When Daddy died, I thought, “What about our family gathering around Mamie’s table?” The picture had been so real; I couldn’t believe it wouldn’t happen. Pleasant memories with extended family had created expectations I was not to realize.
Mamie’s dining table held a Southern feast whenever we gathered. Fried chicken, homemade biscuits with melted butter and sweet tea. We drove an hour after church to my maternal grandmother’s house for Sunday dinner. Even though I didn’t linger around the table, the magic of family laughing and enjoying one another affected me.
Mamie’s table came to us after her death and Mama carried on the tradition of connecting around the table, often with aunts, uncles and cousins. After Mama died, Daddy remarried. He cleaned out the house and gave away our furniture. A friend’s family kindly agreed to store Mamie’s table in their attic for me.
When I married, the magic of connecting around Mamie’s table continued, but was incomplete. Living on the other side of the country from my family, I imagined a day when my sister and I would gather with our own families and Daddy’s laughter would delight us.
When Daddy died, I couldn’t believe my dream wouldn’t happen. Even at the time, I was surprised at the turn of my thoughts.
Because death is too big to grasp, grief attaches to smaller things. A mother grieving for her son found a book that was half read among his belongings. It haunted her that her son would never know how the book ended. A human life should not end before a book is finished. I remember the same feeling when the pansies Mama planted continued to bloom after she was gone. I didn’t know whether to love or hate them.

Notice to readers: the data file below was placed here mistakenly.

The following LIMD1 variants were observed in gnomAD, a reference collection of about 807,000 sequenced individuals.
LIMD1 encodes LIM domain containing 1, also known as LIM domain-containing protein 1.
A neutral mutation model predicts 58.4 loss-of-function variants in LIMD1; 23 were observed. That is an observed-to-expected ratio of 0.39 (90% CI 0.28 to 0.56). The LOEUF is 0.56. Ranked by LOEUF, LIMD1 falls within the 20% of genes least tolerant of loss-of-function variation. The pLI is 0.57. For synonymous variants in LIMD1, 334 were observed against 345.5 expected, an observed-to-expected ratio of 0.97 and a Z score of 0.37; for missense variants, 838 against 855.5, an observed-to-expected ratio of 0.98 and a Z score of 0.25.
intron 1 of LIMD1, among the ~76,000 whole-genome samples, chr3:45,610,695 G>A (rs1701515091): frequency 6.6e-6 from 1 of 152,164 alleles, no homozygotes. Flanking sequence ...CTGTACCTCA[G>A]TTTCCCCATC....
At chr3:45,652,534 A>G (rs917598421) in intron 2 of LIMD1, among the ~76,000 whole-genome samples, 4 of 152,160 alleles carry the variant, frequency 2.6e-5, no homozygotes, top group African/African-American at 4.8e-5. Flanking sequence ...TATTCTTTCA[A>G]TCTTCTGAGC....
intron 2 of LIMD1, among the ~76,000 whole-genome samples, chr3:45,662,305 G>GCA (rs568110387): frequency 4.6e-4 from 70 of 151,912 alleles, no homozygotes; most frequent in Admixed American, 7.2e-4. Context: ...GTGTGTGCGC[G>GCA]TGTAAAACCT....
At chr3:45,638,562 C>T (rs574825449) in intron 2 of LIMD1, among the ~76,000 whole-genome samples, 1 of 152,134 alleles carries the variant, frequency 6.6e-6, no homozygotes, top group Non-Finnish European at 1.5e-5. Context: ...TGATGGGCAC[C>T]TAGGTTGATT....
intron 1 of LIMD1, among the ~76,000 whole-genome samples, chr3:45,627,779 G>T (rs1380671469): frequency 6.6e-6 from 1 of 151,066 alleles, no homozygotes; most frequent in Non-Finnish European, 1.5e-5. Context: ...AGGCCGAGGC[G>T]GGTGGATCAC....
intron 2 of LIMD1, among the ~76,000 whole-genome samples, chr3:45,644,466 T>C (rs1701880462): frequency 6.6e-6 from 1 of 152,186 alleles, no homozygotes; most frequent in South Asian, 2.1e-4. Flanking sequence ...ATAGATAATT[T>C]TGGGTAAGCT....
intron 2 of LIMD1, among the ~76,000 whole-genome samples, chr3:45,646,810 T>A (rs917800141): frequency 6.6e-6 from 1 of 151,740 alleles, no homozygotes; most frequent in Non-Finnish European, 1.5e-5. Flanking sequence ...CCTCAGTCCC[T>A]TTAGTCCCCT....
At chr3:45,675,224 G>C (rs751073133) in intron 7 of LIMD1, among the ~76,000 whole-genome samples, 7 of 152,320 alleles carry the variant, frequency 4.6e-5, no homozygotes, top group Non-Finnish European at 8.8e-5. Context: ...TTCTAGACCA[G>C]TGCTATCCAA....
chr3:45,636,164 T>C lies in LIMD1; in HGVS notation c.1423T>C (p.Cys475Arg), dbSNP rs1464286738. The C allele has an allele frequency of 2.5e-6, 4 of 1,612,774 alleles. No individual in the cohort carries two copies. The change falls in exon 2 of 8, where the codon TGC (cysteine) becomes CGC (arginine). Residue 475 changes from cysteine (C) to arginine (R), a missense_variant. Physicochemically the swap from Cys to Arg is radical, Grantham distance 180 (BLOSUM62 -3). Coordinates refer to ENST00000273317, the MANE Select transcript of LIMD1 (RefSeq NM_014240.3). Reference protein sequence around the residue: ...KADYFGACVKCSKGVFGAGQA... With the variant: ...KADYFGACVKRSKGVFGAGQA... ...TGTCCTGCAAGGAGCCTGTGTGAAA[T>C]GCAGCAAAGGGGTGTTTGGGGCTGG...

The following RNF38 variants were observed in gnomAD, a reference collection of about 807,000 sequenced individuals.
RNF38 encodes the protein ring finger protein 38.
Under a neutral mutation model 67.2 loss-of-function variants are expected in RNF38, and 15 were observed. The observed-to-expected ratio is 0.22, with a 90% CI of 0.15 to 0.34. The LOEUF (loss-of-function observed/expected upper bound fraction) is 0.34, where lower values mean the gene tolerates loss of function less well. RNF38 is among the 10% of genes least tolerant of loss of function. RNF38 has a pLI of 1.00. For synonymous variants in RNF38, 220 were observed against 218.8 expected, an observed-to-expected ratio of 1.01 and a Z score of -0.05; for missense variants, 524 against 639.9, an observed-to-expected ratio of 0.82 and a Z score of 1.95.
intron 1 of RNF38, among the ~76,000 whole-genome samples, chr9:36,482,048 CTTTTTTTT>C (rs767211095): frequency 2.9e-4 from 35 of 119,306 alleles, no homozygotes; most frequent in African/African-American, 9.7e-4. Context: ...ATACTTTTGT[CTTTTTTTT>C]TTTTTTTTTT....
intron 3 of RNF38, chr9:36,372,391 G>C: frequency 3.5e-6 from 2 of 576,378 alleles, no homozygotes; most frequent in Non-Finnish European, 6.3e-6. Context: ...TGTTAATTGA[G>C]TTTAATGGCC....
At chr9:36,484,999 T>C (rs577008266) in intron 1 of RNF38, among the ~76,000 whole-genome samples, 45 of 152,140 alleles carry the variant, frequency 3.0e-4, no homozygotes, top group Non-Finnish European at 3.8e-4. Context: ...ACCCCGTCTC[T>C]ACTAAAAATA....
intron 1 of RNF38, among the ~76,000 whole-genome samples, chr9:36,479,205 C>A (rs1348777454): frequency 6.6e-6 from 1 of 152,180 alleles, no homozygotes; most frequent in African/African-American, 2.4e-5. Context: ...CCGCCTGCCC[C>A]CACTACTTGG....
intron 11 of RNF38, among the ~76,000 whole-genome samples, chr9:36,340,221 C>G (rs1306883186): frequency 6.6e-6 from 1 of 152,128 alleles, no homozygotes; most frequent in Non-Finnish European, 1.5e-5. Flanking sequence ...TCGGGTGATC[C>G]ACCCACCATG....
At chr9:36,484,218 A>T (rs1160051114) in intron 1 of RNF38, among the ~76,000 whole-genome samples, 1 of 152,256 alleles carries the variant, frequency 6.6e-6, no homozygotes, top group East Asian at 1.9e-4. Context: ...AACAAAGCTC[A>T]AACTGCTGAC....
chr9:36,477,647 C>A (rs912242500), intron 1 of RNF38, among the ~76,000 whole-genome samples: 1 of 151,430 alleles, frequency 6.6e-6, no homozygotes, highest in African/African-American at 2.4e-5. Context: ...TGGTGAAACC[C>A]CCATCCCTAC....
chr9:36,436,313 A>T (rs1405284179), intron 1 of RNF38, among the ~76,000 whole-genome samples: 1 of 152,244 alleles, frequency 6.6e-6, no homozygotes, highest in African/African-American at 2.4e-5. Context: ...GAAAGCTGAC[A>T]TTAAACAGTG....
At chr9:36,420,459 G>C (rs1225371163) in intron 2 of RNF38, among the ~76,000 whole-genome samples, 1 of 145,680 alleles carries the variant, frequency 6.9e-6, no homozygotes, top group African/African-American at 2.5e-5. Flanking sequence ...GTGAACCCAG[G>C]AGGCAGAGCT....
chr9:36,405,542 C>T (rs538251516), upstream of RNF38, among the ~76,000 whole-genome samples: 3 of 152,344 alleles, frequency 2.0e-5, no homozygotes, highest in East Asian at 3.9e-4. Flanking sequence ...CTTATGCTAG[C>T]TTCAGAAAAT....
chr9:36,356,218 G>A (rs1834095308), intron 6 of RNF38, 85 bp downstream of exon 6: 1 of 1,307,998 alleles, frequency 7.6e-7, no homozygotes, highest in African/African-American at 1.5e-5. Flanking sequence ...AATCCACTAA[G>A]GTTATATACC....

The clash between our expectations and reality jars our emotions. Since we were made for eternity, death never feels right. If the grieving mother found out her son had finished the book, she would still grieve. If Mama had died after the pansies, something else would have reminded me of my loss. Of course I wish Daddy could have lived until all our children were born and shared a meal as one big family, but he didn’t. We are never ready to say goodbye to someone we love.
Time brings perspective, and loss reminds us to cherish our loved ones now. After someone is gone, even the most mundane memory gains significance. What if I had eyes to appreciate those moments while in them? Perhaps that is what Moses meant when he prayed, “Teach us to number our days, that we may gain a heart of wisdom” (Psalm 90:12 TNIV).
God cares about your dreams and losses. Restoration is coming, and so is a family gathering beyond imagination (Revelation 21). “Blessed are those who are invited to the wedding supper of the Lamb!” (Revelation 19:9) Until then, may we savor the time we have here with those we love.
Ladies, join us in our fall Bible Study, Your Invitation to Rest.
If you would like to receive these weekly blogs by email, simply email us
Just what I needed this morning. Thank you, Thank you.
Debbie, thanks for stirring my memories of your mom and dad and the wonderful times we had as a family. Those were the days, right?
Debbie, How true your thoughts are. I look forward also to the time we will eat with Jesus. Hope is a wonderful thing. God gives, and gives and gives and gives. I am so glad I know Him. Keep, keeping on.
Dear Debbie, That was unusually precious. Life is fragile, and we can take for granted what really matters most. The book called Heaven is for Real by Todd Burpo is so sweet. His four year old son tells of meeting family members in his visit to heaven. I found it to be SO ENCOURAGING and scriptural. We really do have a blessed hope. We WILL be united with dear ones who have gone on ahead to heaven along with being in the presence of the Lord! Yippee!